Tuesday, April 23, 2013

Guild Wars 2 - Casual Crafting Guide


I'm always a little hesitant to write posts like these, because you think well six months into the game, who needs a crafting guide?  But the fact is Guild Wars 2 crafting system can be more than a little obtuse.  It feels similar to crafting in other MMO's, but it's just enough different that you get into and you're all.. wait.. I can't progress at all!  And even now, I still see enough myths being pushed around, things like crafting is worthless before you're level 80, or you can' produce anything useful while crafting, that I have to think perhaps a fundamentals guide is, in fact, still useful.


What this Isn't
This isn't a 0 to 400 guide.  If the only thing you want to know is how to get from 0 to 400 in crafting profession X as quickly and efficiently as possible, there are a number of fine guides out there for that.  What I want to is to help to show the patterns in GW2 crafting, and to go into a bit more explanation into how it works.  Because once you recognize the patterns, you'll find you probably don't even need a guide.

Cynderette in fully crafted gear
Why Craft?
There are two main reasons to engage in crafting while you're leveling your character.  The first is gear.  You will find that for a leveling toon, crafting is one of the most reliable ways to keep your character outfitted in top-end level appropriate gear.  This is why I always recommend taking an armor or weapon producing discipline appropriate for the toon you're leveling - unless you already have that discipline maxed on another character.  For instance, recently, when elementalist reached level 20, I was able to deck her out in a complete full set of Masterwork, level 20 armor pieces, compliments of my tailor.  I also crafted full masterwork level 20 weapons, studded them all with gemstones, and additionally crafted a full set of jewel studded trinkets.  Two of those crafting disciplines - artificing and jewelcrafting - were displines she was leveling.  And that gear is pretty much top end for that level range, and most of it will stay in place right through the next ten levels.  A few pieces will get replaced here and there, but most of it will remain.  At level 30, I'll upgrade her entire set.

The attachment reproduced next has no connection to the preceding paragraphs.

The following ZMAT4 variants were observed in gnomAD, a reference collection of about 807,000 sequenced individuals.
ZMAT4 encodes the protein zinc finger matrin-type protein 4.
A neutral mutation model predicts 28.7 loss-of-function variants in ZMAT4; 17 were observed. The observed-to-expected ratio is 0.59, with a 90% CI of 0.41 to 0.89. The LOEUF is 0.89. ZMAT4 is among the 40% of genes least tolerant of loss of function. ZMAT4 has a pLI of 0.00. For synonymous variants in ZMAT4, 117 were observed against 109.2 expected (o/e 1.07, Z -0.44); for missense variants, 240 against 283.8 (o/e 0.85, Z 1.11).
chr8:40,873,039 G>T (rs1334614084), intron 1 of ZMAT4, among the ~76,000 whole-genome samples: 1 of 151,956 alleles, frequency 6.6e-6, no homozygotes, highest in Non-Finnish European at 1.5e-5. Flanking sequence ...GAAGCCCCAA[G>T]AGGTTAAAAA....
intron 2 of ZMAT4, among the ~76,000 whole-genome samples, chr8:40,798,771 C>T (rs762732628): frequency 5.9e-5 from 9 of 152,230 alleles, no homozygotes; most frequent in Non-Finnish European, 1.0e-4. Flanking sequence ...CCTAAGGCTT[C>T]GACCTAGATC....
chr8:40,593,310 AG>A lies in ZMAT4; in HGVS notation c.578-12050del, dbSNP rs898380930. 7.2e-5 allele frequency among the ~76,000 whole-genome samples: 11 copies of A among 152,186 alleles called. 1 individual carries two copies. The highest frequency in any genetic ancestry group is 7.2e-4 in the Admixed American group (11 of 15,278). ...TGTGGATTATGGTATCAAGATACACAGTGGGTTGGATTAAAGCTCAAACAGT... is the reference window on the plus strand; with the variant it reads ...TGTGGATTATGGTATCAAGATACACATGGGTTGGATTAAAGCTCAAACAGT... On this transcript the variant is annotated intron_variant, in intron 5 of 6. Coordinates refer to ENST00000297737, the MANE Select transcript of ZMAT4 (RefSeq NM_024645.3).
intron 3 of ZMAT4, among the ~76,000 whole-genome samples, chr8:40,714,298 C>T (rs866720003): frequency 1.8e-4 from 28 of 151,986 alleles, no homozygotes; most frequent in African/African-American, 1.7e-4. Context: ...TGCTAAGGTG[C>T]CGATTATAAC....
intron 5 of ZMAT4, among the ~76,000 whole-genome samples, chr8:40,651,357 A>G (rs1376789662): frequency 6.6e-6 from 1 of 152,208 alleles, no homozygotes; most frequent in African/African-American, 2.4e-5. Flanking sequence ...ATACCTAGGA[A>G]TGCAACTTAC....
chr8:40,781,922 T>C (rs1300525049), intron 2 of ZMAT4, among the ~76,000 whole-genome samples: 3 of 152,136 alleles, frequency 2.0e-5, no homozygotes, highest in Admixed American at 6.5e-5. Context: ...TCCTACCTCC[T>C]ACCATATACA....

Now, you might say, why bother?  I can make more money by gathering components, selling them, and then just buying the very low cost items I need for my level on the Trading Post!  And while I'd argue it probably ends up being a wash in terms of making money, you can certainly do that.  But then you would miss out on the other, and probably more important aspect to crafting - experience.  Crafting produces an extraordinary amount of experience.  So much so, that it's not uncommon at all for players with large quantities of resources at their disposal to knock out 10 or 20 levels (or more) on their character entirely through crafting.  But even if you're not twinking your character, you want to take advantage of the experience gain you get through casual crafting.  And this is important.  The leveling curve for zones assumes a certain amount of experience gain through crafting.  If you completely ignore crafting, (and gathering), you'll find that you have completed a zone, but are still considerably below the suggested level range for the next zone.  You'll have to find another level appropriate zone (ie., move to another starter zone) to get the rest of the levels recommended for the next tier zone.

Only Pick One
What you won't do, however, is make money crafting while leveling.  Make no mistake - it is a drain on resources.  It's not a huge drain, per se, but because there's no real specialization like you might find in other MMO's, anything you craft while leveling has also been crafted by two hundred thousand other players out there, and in the unified auction house, will be selling for mere coppers above their vendor value.  That's not to say you can't sell them, and some items you might be able to turn for a slight profit over the cost of resources plus trading post fees.  But I wouldn't go into crafting with the expectation of making money.  Because it is a resource drain, if this is your first character, I highly recommend taking only one

The reasons to craft are that it provides a nice break from exploring zones, it provides you with level appropriate gear, and experience.

Gather Gather Gather